The Tiller Debt Snowball Spreadsheet allows you to customize your debt payoff plan. The Progress sheet in this template offers three methods for paying off your debt. This section is meant to give you a quick overview on each of the three, how each one works, and the pros and cons, but ultimately the choice is yours and should be based on your unique financial situation. Each of these methods works by allocating extra money (beyond the minimum payment) toward a debt. Which debt gets the extra money is based on the chosen payoff method.
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Smallest Balance First (Snowball) - Recommended
Choosing this method allows you to quickly see progress with your debt payoff. It works by allocating the extra money to the debt with the smallest starting balance. After this debt is paid off, the next smallest starting balance debt gets the leftovers and so on and so forth. It’s highly motivating and more people see more success with this method than any other. The downside is that you will end up paying a little more in interest over the entire period of your debt payoff plan.
Avalanche (Highest Interest First)
Choosing this method allows you to save money you would pay toward interest over the long run as you’re paying off debt. It works by allocating the extra money to the debt with the highest interest rate. The downside is that it may take longer to pay off your first loan with this method and appears to delay progress.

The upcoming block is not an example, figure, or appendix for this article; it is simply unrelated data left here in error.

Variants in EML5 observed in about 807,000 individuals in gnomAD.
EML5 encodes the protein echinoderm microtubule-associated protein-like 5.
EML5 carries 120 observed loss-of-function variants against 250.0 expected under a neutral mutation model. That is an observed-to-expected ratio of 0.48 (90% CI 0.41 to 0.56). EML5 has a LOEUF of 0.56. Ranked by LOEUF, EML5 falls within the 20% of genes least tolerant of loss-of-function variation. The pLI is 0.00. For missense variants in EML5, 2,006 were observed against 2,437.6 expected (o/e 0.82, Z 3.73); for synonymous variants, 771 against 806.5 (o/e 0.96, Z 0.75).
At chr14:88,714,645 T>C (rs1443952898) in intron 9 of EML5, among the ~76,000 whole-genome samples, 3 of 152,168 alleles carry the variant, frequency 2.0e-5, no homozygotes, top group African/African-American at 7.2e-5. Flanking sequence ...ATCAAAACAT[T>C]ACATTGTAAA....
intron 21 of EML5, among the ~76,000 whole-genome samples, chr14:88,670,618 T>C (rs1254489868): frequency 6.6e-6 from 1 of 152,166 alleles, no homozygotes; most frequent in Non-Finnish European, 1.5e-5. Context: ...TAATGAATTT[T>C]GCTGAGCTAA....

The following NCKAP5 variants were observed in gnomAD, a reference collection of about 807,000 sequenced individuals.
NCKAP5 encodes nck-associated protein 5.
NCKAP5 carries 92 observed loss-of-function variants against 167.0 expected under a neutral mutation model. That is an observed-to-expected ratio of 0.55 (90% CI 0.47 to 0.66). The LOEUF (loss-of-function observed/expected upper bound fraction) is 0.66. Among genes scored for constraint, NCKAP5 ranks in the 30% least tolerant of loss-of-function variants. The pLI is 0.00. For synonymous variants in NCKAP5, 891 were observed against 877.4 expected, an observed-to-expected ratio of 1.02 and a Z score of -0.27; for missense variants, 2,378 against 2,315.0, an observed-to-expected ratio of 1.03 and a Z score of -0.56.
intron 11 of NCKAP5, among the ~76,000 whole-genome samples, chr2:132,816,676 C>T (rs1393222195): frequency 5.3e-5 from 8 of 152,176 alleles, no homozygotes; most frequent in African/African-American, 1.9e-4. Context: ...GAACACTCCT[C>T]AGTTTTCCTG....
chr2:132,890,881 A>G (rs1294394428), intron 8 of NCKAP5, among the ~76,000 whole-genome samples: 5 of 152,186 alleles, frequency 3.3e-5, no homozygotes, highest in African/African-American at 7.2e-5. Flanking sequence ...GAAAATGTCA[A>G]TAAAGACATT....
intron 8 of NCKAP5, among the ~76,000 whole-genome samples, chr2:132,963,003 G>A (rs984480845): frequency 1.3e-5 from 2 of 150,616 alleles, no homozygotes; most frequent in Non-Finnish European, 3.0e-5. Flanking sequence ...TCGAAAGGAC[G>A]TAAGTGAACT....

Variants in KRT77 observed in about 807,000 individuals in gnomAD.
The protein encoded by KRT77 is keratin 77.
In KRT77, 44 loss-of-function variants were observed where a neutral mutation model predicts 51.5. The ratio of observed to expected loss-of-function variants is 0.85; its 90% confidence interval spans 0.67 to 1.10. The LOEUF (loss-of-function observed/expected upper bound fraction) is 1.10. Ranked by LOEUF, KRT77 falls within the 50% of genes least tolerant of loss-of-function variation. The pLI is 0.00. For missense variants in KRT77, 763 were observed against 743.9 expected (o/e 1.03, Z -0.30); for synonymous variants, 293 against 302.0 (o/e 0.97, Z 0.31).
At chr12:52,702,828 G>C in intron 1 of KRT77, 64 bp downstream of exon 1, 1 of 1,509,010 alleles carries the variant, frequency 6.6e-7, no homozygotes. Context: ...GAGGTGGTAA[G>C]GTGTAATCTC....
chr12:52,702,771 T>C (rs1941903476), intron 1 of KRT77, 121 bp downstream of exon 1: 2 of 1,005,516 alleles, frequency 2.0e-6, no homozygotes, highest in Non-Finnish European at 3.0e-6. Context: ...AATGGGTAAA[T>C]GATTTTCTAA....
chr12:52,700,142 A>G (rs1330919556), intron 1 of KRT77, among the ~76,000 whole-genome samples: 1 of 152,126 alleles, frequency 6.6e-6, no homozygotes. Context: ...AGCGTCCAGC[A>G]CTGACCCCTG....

Lowest Ranked First
Choosing this method allows you to fully customize your debt payoff plan. It works by allocating the extra money to the debt that has the lowest rank number in the Rank column of the Accounts to Track table. It’s great because it allows you to make progress on paying off the debt that’s most important (or most annoying) to you, but the downside is that it may take a while to see real progress, and it could cost you more in interest over the lifetime of the debt payoff period.
Now you’ve configured your Debt Progress sheet and can review your customized debt payoff plan analysis.
Read what's next: Understanding Your Debt Progress Plan